• drainage clogged with solid waste;
  • encroachment of natural waterways by construction;
  • insufficient spill-ways and flood-ways; and
  • informal settlers forced to live in hazard-prone areas because of low access to safer and affordable housing

We understand that these constraints can be complex. The good news is that preparedness is cost-effective. Investments made now will reduce the damage bill of future disasters, and the impacts of climate change on the lives of each Filipino.

Sound investments in promoting urban resilience through disaster risk reduction and climate change adaptation are critical for the Philippines.

The other good news for everyone here today is that Australia’s current flagship disaster risk reduction program will be focused in Metro Manila. It involves an integrated package of support to build urban resilience, to be piloted in Taguig City, but with potential wider application to other cities. This program will do several things.

One, it will generate technology-advanced and credible hazard and risk information for earthquake, tropical cyclone severe wind and flooding through a modern light detection and ranging (LiDAR) survey – I understand that the Philippines is one of the first countries in the region to use this technology;

Two, it will develop disaster and climate risk-sensitive land use strategies and plans for provinces and cities;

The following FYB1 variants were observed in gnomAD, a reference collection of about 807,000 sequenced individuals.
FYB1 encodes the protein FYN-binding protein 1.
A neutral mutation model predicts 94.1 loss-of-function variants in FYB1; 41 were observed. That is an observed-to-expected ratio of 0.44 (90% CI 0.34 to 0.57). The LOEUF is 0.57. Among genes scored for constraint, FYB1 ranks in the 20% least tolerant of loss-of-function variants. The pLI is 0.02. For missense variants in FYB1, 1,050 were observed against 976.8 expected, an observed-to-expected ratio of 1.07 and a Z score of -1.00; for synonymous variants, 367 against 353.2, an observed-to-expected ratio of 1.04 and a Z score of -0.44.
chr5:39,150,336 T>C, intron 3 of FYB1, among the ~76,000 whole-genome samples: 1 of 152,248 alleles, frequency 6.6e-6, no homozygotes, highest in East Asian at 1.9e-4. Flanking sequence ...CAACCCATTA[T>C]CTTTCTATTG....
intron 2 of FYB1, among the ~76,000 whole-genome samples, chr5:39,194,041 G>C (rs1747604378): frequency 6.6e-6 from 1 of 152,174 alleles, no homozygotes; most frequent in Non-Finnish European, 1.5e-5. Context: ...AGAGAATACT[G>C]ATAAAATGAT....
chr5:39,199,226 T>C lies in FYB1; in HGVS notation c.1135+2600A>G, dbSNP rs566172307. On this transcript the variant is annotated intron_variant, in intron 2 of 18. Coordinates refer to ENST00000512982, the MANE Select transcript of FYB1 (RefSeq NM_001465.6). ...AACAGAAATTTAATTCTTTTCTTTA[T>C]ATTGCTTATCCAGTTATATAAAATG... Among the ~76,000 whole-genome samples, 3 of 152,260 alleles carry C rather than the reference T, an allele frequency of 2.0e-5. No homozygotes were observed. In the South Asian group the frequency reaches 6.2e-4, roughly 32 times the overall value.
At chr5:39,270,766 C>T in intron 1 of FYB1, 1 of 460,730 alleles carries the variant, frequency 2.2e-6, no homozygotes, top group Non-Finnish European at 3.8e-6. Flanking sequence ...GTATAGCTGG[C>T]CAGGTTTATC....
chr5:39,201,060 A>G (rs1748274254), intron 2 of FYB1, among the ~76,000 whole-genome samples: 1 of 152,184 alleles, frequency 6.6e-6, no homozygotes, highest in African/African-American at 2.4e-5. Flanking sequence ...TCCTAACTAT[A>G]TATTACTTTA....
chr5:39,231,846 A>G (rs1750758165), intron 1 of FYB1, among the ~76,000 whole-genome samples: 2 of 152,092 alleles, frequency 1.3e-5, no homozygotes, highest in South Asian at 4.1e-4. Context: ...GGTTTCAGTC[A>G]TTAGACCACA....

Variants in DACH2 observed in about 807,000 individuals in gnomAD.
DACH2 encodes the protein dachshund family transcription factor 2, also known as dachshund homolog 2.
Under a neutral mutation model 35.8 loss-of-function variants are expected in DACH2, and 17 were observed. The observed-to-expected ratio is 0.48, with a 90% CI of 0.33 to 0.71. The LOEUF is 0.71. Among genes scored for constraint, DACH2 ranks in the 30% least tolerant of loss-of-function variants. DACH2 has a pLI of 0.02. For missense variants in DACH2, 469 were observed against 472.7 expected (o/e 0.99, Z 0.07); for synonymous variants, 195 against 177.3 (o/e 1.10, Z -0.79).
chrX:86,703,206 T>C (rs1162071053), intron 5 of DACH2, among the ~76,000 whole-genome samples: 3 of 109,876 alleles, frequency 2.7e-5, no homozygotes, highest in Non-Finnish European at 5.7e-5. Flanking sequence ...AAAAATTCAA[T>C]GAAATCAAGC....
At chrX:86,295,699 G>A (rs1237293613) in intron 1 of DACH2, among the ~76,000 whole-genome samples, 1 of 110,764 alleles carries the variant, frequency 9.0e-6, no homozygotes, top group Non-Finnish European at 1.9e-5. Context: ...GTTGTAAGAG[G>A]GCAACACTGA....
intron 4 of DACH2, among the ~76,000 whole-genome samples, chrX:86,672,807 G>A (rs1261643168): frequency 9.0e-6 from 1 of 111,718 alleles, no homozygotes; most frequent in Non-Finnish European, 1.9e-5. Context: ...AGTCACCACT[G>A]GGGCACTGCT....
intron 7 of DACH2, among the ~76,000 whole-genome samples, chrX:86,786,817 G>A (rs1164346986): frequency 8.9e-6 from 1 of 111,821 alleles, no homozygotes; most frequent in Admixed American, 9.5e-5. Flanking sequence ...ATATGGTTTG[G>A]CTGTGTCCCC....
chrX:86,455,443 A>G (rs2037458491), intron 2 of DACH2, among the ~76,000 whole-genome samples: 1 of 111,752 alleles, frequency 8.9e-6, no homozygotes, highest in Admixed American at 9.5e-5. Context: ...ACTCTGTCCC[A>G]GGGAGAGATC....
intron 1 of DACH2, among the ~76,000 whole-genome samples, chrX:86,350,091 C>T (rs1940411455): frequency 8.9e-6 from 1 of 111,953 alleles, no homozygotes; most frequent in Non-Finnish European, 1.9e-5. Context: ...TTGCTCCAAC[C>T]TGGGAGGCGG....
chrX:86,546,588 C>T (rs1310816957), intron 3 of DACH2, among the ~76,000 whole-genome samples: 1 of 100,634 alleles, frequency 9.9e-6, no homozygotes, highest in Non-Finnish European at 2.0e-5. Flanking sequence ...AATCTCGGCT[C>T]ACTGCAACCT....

Three, it will strengthen community capacities for disaster preparedness and mitigation;

And lastly, it will provide poor communities living in dangerous areas which are unfit for human habitation with safer and affordable housing, including access to employment opportunities and basic amenities, such as roads, water, and electricity.

We call this program BRACE because it wants to do just that – brace communities for the impact of natural disasters. It is a pilot program, which we hope will encourage other local government units around the country, particularly those in Metro Manila, to summon a strong political commitment and willingness to go beyond business-as-usual, to invest in the right kind of practical measures that will protect communities from tragedies.

For BRACE, our intention is to work with local governments who shoulder the bulk of responsibility in the chain of action for reducing risks and building resilience. Local governments play the key role in strengthening the resilience of urban Metro Manila.

Perhaps it is unknown to many that Australia is also a major financier of relevant policy work that will benefit the metropolis:

Australia is the only country funding work in the Philippines under the Global Facility for Disaster Risk Reduction, including:
technical work being done by the World Bank in developing a Metro Manila Flood Control Masterplan with the Department of Public Works and Highways; and
preparing the visionary Green Print 2030 with the Metro Manila Development Authority

Australia is a major contributor to Cities Alliance, a coalition of donors, developing country cities, local government associations, civil society representing urban communities committed to advocating and promoting pro-poor development of cities. Cities Alliance is helping the Housing and Urban Development Coordinating Council develop a National Slum Upgrading Strategy.

We are also working with RedR Australia for a program on enhancing the capacities of Metro Manila and other urban areas in the country for urban search and rescue.

In closing, I’m proud to say that Australia stands shoulder-to-shoulder with our Philippines partners who are poised to make a difference in building the resilience of urban communities – where the impacts of natural disasters and the changing climate are most keenly felt – to create a safer future for all Filipinos.

Thank you and I wish you a successful forum.